Over the weekend, the League celebrated the centennial anniversary of the National Park Service at our Orick Mill Site property near Redwood National and State Parks. It was a momentous event, and I was honored to speak to the attendees about the significance of the moment. For those who weren’t able to be there, I’ll take the opportunity to share my remarks, and some photos, here.
My journey exploring our public lands and the outdoors coincided with my journey inward, exploring my cultural identity. And as those paths intertwined, I came to realize that when we learn to feel a sense of ownership and responsibility for both our natural and cultural spaces, we have richer, fuller, and more empowering experiences.
We go through our lives doing similar things day after day. We wake up and check our phones, and then we go to school or work, and finally, finish our day running errands or relaxing. But there is one HUGE thing that most people don’t even see or realize is right in our backyard: There are redwood trees that we sometimes take for granted and might not really think about visiting.
Hikers along the California Coastal Trail in Del Norte County have begun to mistake Morgan Visalli and Jocelyn Enevoldsen for twins. If you ignore Visalli’s blonde hair and Enevoldsen’s dark brunette braids and pay attention to the color spectrum that radiates around them, you can see it too. They wear matching turquoise rain coats, handkerchiefs, and socks.
The Lost Coast lends itself to adventure like nowhere else in California. As you explore this stunningly beautiful, remote expanse of coastal bluffs and forests, a true sense of discovery takes hold – it feels wonderfully wild and unchanged. With 100 miles of almost completely roadless beauty, this is the longest stretch of undeveloped coastline left in California. Small wonder that the spectacular trail that winds along the Lost Coast is a top-tier, bucket-list adventure for all who love to get into the wild. And now that trail is even better!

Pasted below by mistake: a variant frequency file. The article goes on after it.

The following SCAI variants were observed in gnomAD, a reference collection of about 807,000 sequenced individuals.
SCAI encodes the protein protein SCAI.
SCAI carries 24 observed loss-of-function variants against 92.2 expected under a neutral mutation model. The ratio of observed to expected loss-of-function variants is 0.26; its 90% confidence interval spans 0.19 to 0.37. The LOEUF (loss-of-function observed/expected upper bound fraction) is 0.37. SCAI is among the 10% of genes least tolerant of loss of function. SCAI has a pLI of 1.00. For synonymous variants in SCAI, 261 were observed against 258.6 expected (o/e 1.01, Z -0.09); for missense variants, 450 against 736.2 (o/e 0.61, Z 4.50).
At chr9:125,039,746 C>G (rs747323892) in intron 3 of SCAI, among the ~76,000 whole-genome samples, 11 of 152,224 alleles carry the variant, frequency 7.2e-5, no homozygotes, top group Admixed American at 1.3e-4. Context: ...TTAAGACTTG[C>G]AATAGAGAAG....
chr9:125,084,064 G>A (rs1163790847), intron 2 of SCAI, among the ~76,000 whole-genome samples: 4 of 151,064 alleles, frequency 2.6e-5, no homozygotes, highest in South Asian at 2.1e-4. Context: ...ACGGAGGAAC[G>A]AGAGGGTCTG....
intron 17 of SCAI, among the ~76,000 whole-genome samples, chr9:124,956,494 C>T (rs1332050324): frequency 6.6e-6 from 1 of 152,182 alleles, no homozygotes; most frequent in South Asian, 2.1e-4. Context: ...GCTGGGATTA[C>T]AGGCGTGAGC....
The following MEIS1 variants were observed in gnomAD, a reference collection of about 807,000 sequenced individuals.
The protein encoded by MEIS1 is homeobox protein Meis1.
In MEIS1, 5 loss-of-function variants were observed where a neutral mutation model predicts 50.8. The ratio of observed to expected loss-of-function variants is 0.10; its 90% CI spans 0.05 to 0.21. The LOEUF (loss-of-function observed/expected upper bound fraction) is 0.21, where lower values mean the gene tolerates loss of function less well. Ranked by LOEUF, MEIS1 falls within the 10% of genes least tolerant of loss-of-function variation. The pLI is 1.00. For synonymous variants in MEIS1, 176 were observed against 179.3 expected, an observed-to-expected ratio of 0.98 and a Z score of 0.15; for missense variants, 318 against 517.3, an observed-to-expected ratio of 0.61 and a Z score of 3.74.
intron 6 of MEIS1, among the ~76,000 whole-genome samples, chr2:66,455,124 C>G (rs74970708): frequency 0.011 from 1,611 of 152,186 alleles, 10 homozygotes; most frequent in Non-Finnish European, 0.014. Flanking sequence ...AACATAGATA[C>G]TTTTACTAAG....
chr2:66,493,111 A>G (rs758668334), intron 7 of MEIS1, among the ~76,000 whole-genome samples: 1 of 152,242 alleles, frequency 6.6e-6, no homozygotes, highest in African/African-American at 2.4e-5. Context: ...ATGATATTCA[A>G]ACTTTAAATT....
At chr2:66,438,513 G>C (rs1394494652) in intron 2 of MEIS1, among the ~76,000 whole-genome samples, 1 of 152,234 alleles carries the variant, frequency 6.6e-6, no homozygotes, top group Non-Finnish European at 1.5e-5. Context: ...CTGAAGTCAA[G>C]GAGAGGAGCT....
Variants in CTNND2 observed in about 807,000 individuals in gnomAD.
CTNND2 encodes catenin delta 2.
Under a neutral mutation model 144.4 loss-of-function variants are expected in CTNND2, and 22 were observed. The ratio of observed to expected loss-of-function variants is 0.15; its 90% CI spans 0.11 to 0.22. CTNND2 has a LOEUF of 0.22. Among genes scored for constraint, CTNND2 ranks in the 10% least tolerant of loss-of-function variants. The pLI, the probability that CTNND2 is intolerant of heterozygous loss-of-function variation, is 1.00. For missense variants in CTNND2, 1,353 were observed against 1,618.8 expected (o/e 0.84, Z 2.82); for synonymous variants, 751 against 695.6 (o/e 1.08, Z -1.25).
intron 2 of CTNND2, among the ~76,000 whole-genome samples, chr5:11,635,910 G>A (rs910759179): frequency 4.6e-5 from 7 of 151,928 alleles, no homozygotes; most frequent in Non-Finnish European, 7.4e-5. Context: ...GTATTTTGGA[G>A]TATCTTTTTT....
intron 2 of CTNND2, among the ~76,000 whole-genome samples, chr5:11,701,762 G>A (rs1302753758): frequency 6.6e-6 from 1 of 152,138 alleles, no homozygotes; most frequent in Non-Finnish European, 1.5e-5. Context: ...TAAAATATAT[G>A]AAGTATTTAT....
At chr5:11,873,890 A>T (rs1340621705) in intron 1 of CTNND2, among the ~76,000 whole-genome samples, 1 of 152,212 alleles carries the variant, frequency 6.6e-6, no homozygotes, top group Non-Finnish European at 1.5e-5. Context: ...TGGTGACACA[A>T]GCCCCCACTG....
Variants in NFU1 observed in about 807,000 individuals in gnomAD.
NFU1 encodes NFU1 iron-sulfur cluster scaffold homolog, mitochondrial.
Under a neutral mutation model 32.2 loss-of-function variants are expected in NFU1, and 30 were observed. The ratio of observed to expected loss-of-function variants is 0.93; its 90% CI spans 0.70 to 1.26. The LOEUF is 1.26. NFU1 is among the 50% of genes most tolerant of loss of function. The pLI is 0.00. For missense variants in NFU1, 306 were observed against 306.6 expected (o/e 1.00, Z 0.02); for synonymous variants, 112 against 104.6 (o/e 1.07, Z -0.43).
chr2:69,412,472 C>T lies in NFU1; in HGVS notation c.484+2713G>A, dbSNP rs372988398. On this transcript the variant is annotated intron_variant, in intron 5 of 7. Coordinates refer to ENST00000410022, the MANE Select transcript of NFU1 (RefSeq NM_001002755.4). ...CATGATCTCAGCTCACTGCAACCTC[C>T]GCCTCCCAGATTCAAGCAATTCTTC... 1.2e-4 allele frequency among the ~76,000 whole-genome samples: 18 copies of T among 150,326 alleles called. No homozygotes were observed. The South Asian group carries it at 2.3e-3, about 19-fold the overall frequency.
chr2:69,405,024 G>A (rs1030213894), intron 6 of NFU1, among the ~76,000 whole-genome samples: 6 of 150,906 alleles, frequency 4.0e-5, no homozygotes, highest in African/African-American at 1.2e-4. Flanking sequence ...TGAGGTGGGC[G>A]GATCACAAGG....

In the tangle of our wireless world we are more connected than ever before. It’s puzzling, then, how distant we now find ourselves from the natural environment. While our world migrates into the cloud, the Redwoods Reporter series will keep a pair of boots on the trail with educators, adventurers, foresters, chefs, doctors, artists and scientists who are called back by the redwood forests.
Those of us who have visited, learned about, or seen images of a redwood forest will understand the feeling of caring deeply about what happens to this ancient, unique, inspiring corner of the Earth. Listen to my talk to find out what threatens the redwoods today, how we can ensure that this irreplaceable forest will thrive into the future — and why you should care.
According to The Outdoor Foundation, just under half (49.2 percent) of Americans participated in an outdoor recreational activity in 2013. If you have not visited a national, local or state park lately, you are missing out on a great way to engage in outdoor recreation. Visiting parks not only supports a healthier lifestyle, but also an opportunity to learn.
Did you know that redwoods have been around for millions of years, since dinosaurs and giant sloths roamed the earth? Did you know that the tallest redwood towers above a 37-story building? Our mighty redwoods are not only amazing in size and age, but they provide important benefits for people and wildlife alike.
Long before the environmental movement started, Save the Redwoods League began its work to protect redwood forests as part of the early conservation movement. But like most habitats around the world, the redwood forests continue to need our support. The coast redwoods and giant sequoias, the tallest and largest trees in the world, and the diverse plants and animals that inhabit their forests need all of us to be their voice.
Although this park may be small in comparison to others, it is not lacking in variety of activities and scenery. From mountain biking to attending an outdoor play, this park has opportunities for people of all ages to enjoy, all while being removed from the bustle of the surrounding cities. Go to Joaquin Miller Park to discover the magic of the redwoods. Just minutes away from San Francisco and East Bay towns, you can take advantage of this local park any day of the week.